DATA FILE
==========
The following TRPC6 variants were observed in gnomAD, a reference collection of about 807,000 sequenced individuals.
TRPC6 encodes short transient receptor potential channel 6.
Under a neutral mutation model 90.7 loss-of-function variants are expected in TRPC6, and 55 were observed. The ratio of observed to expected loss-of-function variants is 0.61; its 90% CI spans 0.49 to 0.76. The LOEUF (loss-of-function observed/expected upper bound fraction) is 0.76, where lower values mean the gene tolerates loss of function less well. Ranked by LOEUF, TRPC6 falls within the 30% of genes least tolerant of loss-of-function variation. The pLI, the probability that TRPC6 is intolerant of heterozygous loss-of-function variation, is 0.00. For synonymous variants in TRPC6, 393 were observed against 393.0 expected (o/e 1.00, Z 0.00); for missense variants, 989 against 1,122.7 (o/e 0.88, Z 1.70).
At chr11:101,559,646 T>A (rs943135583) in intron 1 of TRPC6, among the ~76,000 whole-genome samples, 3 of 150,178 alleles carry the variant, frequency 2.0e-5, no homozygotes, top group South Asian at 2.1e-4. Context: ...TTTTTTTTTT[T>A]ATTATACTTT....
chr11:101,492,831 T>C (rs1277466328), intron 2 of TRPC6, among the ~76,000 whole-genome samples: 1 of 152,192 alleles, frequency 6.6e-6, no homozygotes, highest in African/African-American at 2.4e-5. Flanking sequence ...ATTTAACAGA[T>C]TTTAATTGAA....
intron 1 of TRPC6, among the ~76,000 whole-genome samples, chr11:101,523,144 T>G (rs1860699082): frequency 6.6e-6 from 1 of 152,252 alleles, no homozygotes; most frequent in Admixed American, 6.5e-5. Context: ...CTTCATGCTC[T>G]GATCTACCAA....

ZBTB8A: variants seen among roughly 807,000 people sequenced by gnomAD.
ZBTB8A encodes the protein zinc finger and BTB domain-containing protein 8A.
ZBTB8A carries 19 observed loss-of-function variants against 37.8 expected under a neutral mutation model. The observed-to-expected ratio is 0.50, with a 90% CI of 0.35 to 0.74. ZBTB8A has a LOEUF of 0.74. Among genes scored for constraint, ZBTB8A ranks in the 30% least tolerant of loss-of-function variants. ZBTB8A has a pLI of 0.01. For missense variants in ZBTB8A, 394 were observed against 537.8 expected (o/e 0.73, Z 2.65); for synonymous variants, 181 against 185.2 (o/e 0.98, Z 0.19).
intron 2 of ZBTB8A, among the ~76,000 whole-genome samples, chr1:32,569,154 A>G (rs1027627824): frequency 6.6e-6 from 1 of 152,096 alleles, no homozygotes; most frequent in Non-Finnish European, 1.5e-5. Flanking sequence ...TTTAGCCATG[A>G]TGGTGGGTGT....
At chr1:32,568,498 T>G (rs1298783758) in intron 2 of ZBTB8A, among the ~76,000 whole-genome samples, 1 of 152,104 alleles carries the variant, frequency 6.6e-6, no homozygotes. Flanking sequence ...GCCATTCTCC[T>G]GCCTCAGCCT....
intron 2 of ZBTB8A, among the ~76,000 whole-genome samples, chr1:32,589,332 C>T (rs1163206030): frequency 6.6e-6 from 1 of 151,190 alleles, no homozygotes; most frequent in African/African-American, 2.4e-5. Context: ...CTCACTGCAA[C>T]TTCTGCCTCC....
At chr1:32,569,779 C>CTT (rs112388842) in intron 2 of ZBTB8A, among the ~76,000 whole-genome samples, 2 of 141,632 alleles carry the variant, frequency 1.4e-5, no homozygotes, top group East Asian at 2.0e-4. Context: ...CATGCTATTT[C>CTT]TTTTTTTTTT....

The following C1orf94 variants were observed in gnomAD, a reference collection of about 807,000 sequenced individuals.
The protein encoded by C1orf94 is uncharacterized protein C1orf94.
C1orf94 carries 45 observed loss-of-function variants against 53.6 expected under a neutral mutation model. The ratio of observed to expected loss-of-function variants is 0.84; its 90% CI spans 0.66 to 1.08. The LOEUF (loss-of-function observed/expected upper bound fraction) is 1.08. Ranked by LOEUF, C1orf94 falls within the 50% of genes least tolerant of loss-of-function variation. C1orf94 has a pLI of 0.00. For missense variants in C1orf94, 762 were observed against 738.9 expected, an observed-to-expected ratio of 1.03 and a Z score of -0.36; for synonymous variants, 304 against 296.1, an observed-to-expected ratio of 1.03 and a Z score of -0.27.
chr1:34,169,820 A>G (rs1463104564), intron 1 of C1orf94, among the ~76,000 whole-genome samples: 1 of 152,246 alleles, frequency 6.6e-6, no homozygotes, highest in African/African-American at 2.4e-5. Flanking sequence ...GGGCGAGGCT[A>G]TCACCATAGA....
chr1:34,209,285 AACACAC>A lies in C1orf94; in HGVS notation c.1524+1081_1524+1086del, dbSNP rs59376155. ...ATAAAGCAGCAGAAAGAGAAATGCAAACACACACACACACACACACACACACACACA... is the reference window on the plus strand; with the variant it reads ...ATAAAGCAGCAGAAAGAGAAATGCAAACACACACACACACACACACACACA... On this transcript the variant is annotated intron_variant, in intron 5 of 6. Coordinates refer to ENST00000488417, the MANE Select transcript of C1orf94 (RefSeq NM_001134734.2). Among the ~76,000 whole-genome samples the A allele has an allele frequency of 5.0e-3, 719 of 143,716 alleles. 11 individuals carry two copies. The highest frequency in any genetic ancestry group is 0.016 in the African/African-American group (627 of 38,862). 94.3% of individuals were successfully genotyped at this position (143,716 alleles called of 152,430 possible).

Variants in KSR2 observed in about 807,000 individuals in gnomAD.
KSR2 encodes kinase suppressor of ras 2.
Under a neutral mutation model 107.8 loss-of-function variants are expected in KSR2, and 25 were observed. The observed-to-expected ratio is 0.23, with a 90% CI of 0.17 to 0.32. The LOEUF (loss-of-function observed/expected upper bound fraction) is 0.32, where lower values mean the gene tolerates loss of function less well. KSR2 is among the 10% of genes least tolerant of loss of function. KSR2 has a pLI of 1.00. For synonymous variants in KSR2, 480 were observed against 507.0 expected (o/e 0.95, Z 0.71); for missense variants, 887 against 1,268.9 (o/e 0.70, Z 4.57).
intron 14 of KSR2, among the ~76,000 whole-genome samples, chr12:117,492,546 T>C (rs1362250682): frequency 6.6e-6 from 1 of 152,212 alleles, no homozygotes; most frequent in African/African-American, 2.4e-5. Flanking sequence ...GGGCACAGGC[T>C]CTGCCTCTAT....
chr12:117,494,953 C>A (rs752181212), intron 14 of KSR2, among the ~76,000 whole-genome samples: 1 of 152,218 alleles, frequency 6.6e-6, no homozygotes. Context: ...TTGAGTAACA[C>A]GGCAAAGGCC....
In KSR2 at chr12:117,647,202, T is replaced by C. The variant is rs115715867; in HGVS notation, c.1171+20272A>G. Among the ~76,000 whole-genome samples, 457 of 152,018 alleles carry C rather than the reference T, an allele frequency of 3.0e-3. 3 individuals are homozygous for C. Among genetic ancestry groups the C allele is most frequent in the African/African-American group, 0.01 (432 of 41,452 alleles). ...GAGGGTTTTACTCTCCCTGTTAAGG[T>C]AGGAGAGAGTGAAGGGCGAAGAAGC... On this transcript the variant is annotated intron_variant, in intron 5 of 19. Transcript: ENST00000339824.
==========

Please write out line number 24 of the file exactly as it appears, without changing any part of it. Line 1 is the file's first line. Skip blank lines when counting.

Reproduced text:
In KSR2 at chr12:117,647,202, T is replaced by C. The variant is rs115715867; in HGVS notation, c.1171+20272A>G. Among the ~76,000 whole-genome samples, 457 of 152,018 alleles carry C rather than the reference T, an allele frequency of 3.0e-3. 3 individuals are homozygous for C. Among genetic ancestry groups the C allele is most frequent in the African/African-American group, 0.01 (432 of 41,452 alleles). ...GAGGGTTTTACTCTCCCTGTTAAGG[T>C]AGGAGAGAGTGAAGGGCGAAGAAGC... On this transcript the variant is annotated intron_variant, in intron 5 of 19. Transcript: ENST00000339824.